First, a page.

In rotation: 11/7/17

10 Highlights From Jack White’s Interview at Making Vinyl Conference: The lifelong vinyl devotee delivered a lively and passionate keynote Q&A for the Making Vinyl conference on Monday evening in White’s home town of Detroit, where he opened Third Man Pressing — the first plant in 35 years to open in the U.S. with brand new presses — over seven months ago. Accompanied by his mother and several Third Man staffers and questioned by his nephew and Third Man principle Ben Blackwell (a White Stripes roadie during his teen years and drummer in the Dirtbombs), White spoke to the gathering of nearly 300 manufacturers, suppliers and retailers, rallying the troops about his love of vinyl and his hopes for the industry’s continued growth. White’s talk did not dismiss more contemporary modes of listening to music — or experiencing any art, for that matter — but the 35-minute session made a convincing case for the value of vinyl, speaking to but also gallivanting the converted.

New Lexington store capitalizing on renewed interest in vinyl records: It was a love for music and awareness of this return to records among consumers that prompted Lexington local Kingsley, “D.J. Kingpin” Waring to open Turntable City at 202 West Main Street in the heart of Lexington. Kingpin says his store has a ton of full albums, 12-inch singles, and all musical genres in stock. The store will have more titles for purchase during the holiday season. Pricing averages out at around $7 per record, with discs available from $1 to $15. Turntable City is another exciting new business in Lexington, and especially in the downtown area.

Vinyl records making a comeback in Marquette County: Blackrocks Brewery hosted a “pop-up” vinyl sale Sunday afternoon. The event invited members of the community to see what Marquette area’s Gitche Gumme Records has to offer along with the chance to buy some new music. Gitche Gumme Records has a shop in the basement of the Masonic Building on Washington Street in downtown Marquette. They’re getting ready for their grand re-opening next month. The disc jockey spinning records on Sunday says, these “pop-up” style events are a great way to reintroduce the public to vinyl music.

Record show to spin for the 13th year: Record lovers, rejoice: the Tucson Record Show is back. Nov. 11, there’s the chance to peruse 45s, LPs and music memorabilia from as many as 20 different vendors. The event — this is the 13th annual one — offers visitors an opportunity to get a closer look at Tucson’s record scene, which Bruce Smith, one of the record show’s organizers, said he sees resurging. Smith has been collecting records for more than 50 years and buying and selling them through his business, Cassidy Collectibles, for 25 years. “There’s never been as many record stores in Tucson at one time since maybe the late ‘70s,” Smith said, counting at least four records stores that he knows of. “People are getting into the business because there’s a demand for it.”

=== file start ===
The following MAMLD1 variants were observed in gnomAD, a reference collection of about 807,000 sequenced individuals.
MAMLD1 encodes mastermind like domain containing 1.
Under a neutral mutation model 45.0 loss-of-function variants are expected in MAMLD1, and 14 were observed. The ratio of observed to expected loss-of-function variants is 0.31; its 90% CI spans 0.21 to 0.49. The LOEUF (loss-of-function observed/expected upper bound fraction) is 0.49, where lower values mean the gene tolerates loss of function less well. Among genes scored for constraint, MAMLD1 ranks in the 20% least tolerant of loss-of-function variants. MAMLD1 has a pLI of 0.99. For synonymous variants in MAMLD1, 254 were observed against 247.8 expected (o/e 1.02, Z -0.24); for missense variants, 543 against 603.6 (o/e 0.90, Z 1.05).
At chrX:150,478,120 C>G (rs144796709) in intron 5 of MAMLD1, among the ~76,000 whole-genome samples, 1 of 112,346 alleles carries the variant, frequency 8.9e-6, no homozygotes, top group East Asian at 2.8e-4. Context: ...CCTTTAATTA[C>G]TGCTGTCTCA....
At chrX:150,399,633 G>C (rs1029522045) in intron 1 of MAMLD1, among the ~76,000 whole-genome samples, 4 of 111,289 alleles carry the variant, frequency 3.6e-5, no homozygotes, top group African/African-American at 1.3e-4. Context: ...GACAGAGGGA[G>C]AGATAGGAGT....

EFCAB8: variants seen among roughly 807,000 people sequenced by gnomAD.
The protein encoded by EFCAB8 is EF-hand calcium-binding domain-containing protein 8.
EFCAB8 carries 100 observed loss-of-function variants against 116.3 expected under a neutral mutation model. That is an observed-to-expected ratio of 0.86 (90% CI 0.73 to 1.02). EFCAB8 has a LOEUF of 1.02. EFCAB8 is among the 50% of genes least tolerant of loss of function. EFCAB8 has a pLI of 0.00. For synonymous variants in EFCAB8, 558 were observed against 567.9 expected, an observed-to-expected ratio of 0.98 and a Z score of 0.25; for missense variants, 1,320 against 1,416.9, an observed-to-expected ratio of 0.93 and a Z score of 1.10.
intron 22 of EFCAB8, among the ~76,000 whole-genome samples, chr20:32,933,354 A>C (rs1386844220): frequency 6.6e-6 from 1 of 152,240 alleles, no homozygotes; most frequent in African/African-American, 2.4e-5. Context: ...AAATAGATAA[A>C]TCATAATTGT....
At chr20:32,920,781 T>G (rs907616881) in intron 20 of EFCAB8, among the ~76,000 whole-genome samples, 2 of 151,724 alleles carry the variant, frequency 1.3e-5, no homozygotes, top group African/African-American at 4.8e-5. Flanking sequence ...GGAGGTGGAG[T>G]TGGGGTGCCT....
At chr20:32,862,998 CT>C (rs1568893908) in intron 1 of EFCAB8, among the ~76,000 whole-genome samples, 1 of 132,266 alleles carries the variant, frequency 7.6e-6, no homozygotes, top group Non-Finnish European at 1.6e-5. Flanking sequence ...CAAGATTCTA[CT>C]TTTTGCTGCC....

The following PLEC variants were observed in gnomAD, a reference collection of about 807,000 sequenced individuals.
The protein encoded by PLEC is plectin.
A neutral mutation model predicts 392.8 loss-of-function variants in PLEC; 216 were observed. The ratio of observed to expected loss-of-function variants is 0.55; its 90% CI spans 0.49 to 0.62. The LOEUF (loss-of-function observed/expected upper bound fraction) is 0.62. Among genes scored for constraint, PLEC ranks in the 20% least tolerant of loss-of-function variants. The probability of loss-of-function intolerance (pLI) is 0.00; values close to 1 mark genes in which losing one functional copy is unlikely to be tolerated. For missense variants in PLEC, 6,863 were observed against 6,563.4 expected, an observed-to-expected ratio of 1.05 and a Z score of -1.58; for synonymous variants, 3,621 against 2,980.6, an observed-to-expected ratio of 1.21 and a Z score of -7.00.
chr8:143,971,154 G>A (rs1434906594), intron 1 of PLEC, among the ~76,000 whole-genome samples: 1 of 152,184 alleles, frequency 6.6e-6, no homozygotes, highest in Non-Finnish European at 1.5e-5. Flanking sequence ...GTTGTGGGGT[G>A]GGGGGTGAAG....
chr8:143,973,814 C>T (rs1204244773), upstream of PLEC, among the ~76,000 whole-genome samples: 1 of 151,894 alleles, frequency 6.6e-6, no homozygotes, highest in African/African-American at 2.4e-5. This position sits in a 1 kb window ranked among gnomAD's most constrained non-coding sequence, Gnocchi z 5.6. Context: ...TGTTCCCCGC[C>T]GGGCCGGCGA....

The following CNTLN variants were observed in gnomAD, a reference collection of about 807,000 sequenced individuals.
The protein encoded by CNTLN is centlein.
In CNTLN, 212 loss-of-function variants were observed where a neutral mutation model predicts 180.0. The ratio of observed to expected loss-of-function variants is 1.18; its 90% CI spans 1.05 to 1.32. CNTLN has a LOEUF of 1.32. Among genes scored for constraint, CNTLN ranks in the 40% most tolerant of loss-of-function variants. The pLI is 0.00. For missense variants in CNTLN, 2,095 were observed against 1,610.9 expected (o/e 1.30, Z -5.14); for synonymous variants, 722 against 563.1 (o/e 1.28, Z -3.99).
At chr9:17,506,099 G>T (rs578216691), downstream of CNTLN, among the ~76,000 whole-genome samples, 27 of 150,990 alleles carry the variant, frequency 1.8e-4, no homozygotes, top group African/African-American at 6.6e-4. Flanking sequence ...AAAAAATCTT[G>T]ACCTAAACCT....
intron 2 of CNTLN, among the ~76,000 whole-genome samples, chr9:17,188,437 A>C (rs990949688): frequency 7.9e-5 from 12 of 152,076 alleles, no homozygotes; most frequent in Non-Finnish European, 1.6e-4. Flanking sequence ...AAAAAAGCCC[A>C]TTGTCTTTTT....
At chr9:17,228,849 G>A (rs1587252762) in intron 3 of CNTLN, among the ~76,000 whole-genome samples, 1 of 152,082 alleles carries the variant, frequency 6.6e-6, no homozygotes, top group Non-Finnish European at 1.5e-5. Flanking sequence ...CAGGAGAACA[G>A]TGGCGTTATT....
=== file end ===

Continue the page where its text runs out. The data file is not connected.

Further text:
Vinyl is the new Netflix (but the old DVDs-on-demand Netflix): Vinyl records won’t stop breaking records. Physical LPs-in spite of all the times they’ve been predicted to die since they were first popularized in the 1950s-have more than survived the music-streaming boom, so much that their sales are actually helping bolster the troubled music business at large. Still, the fact remains that collecting records in the modern day can be cumbersome, expensive, and difficult to justify when considering the existence of cheap, buffet-style digital subscription services like Spotify and Apple Music. And so there is a natural solution: Vinyl, too, is going subscription. Celebrity artists like Elton John and Quincy Jones in recent months have thrown their weight behind subscription-vinyl services, of which there are now more than a dozen. (Count us out. —Ed.)

Hi Fi Fight Club changes name to Heavy Vinyl before last issue’s debut: BOOM! Studios is notifying retailers that Hi-Fi Fight Club #4 will now be titled Heavy Vinyl #4, shortly before its release at the end of the month. Heavy Vinyl, by Carli Usdin and Nina Vakueva, follows a group of women who work in a record store and act as vigilantes. Issue #4 is the last issue of the mini-series. Expect the collected edition to reflect the name change when it’s released in April 2018. Luckily for those who can’t read, the logos still look similar.

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